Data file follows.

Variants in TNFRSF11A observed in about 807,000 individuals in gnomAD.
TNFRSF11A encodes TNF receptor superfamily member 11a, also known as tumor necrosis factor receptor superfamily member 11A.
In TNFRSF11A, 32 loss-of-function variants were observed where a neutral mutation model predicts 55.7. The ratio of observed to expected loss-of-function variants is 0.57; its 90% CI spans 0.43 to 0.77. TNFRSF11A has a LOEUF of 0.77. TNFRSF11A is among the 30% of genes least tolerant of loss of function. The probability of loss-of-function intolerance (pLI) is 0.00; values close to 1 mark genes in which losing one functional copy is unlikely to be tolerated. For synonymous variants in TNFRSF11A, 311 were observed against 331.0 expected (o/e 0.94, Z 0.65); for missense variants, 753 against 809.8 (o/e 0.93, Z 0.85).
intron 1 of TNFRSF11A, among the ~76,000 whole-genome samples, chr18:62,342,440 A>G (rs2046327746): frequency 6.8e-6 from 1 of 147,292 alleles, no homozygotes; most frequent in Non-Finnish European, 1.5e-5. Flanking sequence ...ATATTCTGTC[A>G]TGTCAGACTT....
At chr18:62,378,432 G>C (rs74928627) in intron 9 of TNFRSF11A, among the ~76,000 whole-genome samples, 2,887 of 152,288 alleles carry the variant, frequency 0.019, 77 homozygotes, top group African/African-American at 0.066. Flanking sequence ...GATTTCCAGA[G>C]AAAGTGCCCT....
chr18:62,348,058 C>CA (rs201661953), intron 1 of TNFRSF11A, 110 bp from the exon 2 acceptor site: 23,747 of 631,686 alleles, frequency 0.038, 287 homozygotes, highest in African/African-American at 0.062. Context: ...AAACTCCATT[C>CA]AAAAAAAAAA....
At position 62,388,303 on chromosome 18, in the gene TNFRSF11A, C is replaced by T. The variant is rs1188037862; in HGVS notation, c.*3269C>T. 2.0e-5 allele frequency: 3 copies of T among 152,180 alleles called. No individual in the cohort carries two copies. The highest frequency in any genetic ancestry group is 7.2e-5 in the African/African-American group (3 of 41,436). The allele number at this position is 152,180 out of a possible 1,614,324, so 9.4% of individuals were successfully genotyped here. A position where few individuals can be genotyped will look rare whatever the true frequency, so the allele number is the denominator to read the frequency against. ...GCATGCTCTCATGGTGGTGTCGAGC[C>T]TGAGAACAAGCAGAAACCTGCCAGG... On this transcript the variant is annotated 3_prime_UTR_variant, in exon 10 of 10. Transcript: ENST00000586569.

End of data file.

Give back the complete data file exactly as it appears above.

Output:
Variants in TNFRSF11A observed in about 807,000 individuals in gnomAD.
TNFRSF11A encodes TNF receptor superfamily member 11a, also known as tumor necrosis factor receptor superfamily member 11A.
In TNFRSF11A, 32 loss-of-function variants were observed where a neutral mutation model predicts 55.7. The ratio of observed to expected loss-of-function variants is 0.57; its 90% CI spans 0.43 to 0.77. TNFRSF11A has a LOEUF of 0.77. TNFRSF11A is among the 30% of genes least tolerant of loss of function. The probability of loss-of-function intolerance (pLI) is 0.00; values close to 1 mark genes in which losing one functional copy is unlikely to be tolerated. For synonymous variants in TNFRSF11A, 311 were observed against 331.0 expected (o/e 0.94, Z 0.65); for missense variants, 753 against 809.8 (o/e 0.93, Z 0.85).
intron 1 of TNFRSF11A, among the ~76,000 whole-genome samples, chr18:62,342,440 A>G (rs2046327746): frequency 6.8e-6 from 1 of 147,292 alleles, no homozygotes; most frequent in Non-Finnish European, 1.5e-5. Flanking sequence ...ATATTCTGTC[A>G]TGTCAGACTT....
At chr18:62,378,432 G>C (rs74928627) in intron 9 of TNFRSF11A, among the ~76,000 whole-genome samples, 2,887 of 152,288 alleles carry the variant, frequency 0.019, 77 homozygotes, top group African/African-American at 0.066. Flanking sequence ...GATTTCCAGA[G>C]AAAGTGCCCT....
chr18:62,348,058 C>CA (rs201661953), intron 1 of TNFRSF11A, 110 bp from the exon 2 acceptor site: 23,747 of 631,686 alleles, frequency 0.038, 287 homozygotes, highest in African/African-American at 0.062. Context: ...AAACTCCATT[C>CA]AAAAAAAAAA....
At position 62,388,303 on chromosome 18, in the gene TNFRSF11A, C is replaced by T. The variant is rs1188037862; in HGVS notation, c.*3269C>T. 2.0e-5 allele frequency: 3 copies of T among 152,180 alleles called. No individual in the cohort carries two copies. The highest frequency in any genetic ancestry group is 7.2e-5 in the African/African-American group (3 of 41,436). The allele number at this position is 152,180 out of a possible 1,614,324, so 9.4% of individuals were successfully genotyped here. A position where few individuals can be genotyped will look rare whatever the true frequency, so the allele number is the denominator to read the frequency against. ...GCATGCTCTCATGGTGGTGTCGAGC[C>T]TGAGAACAAGCAGAAACCTGCCAGG... On this transcript the variant is annotated 3_prime_UTR_variant, in exon 10 of 10. Transcript: ENST00000586569.